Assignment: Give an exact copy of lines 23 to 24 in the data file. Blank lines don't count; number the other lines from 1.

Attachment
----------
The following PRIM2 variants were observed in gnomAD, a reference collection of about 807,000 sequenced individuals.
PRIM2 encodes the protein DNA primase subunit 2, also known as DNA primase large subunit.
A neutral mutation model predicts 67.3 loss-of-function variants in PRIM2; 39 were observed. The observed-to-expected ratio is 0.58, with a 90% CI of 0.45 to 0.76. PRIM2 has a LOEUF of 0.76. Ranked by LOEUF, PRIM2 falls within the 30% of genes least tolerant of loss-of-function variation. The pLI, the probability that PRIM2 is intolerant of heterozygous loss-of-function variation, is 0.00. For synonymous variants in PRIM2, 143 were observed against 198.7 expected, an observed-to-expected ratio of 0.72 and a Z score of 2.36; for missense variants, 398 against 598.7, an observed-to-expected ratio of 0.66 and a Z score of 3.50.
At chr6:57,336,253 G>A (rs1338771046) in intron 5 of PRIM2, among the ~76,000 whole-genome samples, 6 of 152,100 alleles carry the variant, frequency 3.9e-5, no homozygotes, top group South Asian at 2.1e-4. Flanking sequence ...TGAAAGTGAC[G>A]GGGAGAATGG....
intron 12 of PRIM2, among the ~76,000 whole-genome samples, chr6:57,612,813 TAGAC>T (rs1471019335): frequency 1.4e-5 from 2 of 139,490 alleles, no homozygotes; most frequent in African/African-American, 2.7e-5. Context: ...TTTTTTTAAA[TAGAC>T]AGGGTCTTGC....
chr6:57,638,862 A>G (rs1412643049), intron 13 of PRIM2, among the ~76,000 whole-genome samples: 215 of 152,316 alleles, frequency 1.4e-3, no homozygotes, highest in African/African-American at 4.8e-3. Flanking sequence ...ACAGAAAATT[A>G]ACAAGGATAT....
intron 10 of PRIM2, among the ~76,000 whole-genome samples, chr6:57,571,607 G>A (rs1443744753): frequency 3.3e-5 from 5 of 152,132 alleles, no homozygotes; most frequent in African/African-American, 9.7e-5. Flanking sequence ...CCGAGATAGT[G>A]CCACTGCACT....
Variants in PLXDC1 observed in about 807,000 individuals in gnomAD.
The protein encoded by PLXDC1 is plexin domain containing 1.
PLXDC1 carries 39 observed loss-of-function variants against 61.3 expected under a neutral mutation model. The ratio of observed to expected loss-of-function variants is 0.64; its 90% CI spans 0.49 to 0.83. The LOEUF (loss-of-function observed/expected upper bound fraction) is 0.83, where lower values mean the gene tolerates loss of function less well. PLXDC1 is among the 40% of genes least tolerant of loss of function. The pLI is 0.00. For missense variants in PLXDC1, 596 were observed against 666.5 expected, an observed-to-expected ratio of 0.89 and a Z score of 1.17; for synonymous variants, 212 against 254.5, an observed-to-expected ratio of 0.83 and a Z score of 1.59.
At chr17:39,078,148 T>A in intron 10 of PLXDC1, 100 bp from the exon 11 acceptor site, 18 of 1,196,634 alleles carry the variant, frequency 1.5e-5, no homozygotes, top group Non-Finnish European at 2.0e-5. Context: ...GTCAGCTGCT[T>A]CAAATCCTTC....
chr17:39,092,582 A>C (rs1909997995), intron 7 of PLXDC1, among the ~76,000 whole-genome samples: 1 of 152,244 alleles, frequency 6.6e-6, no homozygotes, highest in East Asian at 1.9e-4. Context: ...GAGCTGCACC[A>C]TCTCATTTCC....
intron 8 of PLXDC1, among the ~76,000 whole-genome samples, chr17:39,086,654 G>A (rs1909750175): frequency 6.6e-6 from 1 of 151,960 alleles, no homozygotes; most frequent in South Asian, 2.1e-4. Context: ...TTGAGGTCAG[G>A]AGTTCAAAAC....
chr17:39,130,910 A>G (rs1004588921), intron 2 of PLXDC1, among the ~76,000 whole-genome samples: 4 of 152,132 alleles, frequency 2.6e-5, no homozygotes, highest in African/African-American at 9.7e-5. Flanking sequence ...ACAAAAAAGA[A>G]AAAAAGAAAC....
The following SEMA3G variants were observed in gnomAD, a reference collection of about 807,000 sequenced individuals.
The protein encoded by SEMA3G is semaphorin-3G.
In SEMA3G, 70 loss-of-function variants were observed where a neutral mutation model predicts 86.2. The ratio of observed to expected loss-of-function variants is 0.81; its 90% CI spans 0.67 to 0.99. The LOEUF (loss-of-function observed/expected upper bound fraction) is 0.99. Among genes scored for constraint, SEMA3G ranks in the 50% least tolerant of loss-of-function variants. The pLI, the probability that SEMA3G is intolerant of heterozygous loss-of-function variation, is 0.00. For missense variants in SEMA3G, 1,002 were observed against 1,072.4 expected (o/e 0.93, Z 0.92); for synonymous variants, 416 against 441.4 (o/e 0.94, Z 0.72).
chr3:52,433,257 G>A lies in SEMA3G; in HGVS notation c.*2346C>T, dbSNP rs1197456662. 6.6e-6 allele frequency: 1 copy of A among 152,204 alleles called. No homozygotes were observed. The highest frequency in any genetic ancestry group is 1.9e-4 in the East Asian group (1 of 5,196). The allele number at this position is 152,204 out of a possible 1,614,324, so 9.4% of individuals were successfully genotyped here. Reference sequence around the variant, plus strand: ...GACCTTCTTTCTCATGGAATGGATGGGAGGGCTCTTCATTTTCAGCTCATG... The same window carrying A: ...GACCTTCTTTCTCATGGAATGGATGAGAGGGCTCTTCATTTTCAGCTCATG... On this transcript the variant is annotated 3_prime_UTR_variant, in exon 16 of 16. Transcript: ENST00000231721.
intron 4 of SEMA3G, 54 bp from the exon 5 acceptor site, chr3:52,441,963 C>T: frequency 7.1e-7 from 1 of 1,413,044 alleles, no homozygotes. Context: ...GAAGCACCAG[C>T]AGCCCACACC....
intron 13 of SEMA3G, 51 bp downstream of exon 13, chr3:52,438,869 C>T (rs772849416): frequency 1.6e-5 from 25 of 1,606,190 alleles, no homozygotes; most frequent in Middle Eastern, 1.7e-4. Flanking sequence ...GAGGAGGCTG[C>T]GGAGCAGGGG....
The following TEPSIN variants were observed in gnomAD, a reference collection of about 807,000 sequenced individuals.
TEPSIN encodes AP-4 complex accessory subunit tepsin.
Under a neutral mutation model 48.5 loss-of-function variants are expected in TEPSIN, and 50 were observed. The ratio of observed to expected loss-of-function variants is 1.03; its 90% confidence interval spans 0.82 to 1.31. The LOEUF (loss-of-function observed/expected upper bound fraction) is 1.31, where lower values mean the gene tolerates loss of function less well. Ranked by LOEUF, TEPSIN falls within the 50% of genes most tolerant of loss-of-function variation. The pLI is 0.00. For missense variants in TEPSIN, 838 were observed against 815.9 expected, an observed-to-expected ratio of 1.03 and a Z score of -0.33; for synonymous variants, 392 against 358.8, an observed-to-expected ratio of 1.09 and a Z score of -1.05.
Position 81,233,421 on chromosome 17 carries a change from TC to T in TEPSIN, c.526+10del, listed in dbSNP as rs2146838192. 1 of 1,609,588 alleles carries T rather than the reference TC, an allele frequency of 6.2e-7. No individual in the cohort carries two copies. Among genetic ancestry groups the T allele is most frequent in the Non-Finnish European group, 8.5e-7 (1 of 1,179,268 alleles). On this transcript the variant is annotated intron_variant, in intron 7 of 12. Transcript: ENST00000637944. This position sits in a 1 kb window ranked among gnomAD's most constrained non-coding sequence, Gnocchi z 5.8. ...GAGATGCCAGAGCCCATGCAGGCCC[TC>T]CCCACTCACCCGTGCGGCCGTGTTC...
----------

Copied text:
Under a neutral mutation model 48.5 loss-of-function variants are expected in TEPSIN, and 50 were observed. The ratio of observed to expected loss-of-function variants is 1.03; its 90% confidence interval spans 0.82 to 1.31. The LOEUF (loss-of-function observed/expected upper bound fraction) is 1.31, where lower values mean the gene tolerates loss of function less well. Ranked by LOEUF, TEPSIN falls within the 50% of genes most tolerant of loss-of-function variation. The pLI is 0.00. For missense variants in TEPSIN, 838 were observed against 815.9 expected, an observed-to-expected ratio of 1.03 and a Z score of -0.33; for synonymous variants, 392 against 358.8, an observed-to-expected ratio of 1.09 and a Z score of -1.05.
Position 81,233,421 on chromosome 17 carries a change from TC to T in TEPSIN, c.526+10del, listed in dbSNP as rs2146838192. 1 of 1,609,588 alleles carries T rather than the reference TC, an allele frequency of 6.2e-7. No individual in the cohort carries two copies. Among genetic ancestry groups the T allele is most frequent in the Non-Finnish European group, 8.5e-7 (1 of 1,179,268 alleles). On this transcript the variant is annotated intron_variant, in intron 7 of 12. Transcript: ENST00000637944. This position sits in a 1 kb window ranked among gnomAD's most constrained non-coding sequence, Gnocchi z 5.8. ...GAGATGCCAGAGCCCATGCAGGCCC[TC>T]CCCACTCACCCGTGCGGCCGTGTTC...